There are so many women in medicine today – myself included – that we take it for granted. In fact, by 2017, women outnumbered men in medical school classes in the US. However, just like the right to vote and the right to enter many other professions, women had to wage war to gain entry into what was, by men, considered their holy terrain. In fact, it was not until the late 1800’s, when a few brave, brilliant, and brawny young women on both the European and American continents battled over the course of many years to achieve full MD status.
Many authors credit Dr. Elizabeth Blackwell, born in Britain and later moved to America, as a major pioneer in this area, and she is probably the most well-known. But she could not have moved the needle alone, as they say. While she was fighting the battle mostly in America (although doing a good deal of her clinical training and public speaking in the UK), her colleagues, such as Elizabeth (“Lizzie”) Garrett Anderson and Sophia Jex Blake were waging the war on the other side of the Atlantic. While they were each very different women, approaching their mission with different styles, personalities, and tactics, they also relied upon each other for support and guidance. These women suffered not only prejudice, hardship, and a brutally uphill battle, but also physical oppression. Sophia, and her 6 fellow female students in Edinburgh were harassed to the point of having mud and garbage thrown at them on their way into medical school class by their male colleagues – with the support and encouragement of their male professors. In spite of this, these women persevered, overcoming these unspeakable hardships to go on to establish medical schools and hospitals for women.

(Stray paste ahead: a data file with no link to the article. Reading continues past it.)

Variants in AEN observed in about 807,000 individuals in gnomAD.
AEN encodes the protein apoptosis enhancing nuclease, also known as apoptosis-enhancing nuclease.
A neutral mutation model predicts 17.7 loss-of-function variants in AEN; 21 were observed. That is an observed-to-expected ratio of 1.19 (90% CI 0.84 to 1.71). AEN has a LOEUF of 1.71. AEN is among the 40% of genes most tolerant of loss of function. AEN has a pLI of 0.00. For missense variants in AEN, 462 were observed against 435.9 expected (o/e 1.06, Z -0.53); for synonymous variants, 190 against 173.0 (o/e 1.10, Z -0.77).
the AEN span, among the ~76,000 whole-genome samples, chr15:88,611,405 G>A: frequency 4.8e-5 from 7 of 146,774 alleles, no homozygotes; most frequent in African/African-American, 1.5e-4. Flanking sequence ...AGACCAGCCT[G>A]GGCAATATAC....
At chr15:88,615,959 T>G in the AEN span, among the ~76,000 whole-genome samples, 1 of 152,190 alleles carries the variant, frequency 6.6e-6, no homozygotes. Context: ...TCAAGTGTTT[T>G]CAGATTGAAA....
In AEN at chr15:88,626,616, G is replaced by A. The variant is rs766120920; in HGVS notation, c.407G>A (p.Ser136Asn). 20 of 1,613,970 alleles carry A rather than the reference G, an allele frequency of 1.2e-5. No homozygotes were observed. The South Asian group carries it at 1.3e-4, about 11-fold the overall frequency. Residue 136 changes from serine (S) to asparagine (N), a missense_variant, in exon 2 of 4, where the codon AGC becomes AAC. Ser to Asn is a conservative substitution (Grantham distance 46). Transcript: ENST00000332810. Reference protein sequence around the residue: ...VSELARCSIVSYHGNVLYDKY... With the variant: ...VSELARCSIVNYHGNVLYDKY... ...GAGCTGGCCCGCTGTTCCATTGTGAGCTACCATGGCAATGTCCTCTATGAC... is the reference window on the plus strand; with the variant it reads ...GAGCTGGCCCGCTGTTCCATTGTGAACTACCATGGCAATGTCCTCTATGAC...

It is neither surprising nor novel to read about (white) men fearing others being included among their ranks and using their power, influence, and even violence to attempt to maintain their unilateral hold on a particular enterprise. But while they held on, the field of medicine, particularly healthcare for women, truly stagnated. It was only when women were given full medical practitioner status that women’s issues were brought to the fore and women’s health truly advanced. Women were finally able to come forward and speak about their very private complaints, expose how they’d been treated by some male practitioners in the past, and have advocates with any power to make significant scientific advancements in their care.
This is an incredibly well-researched documentation of a dramatic advancement in the care of women for and by women.. Not a light read, but an important one.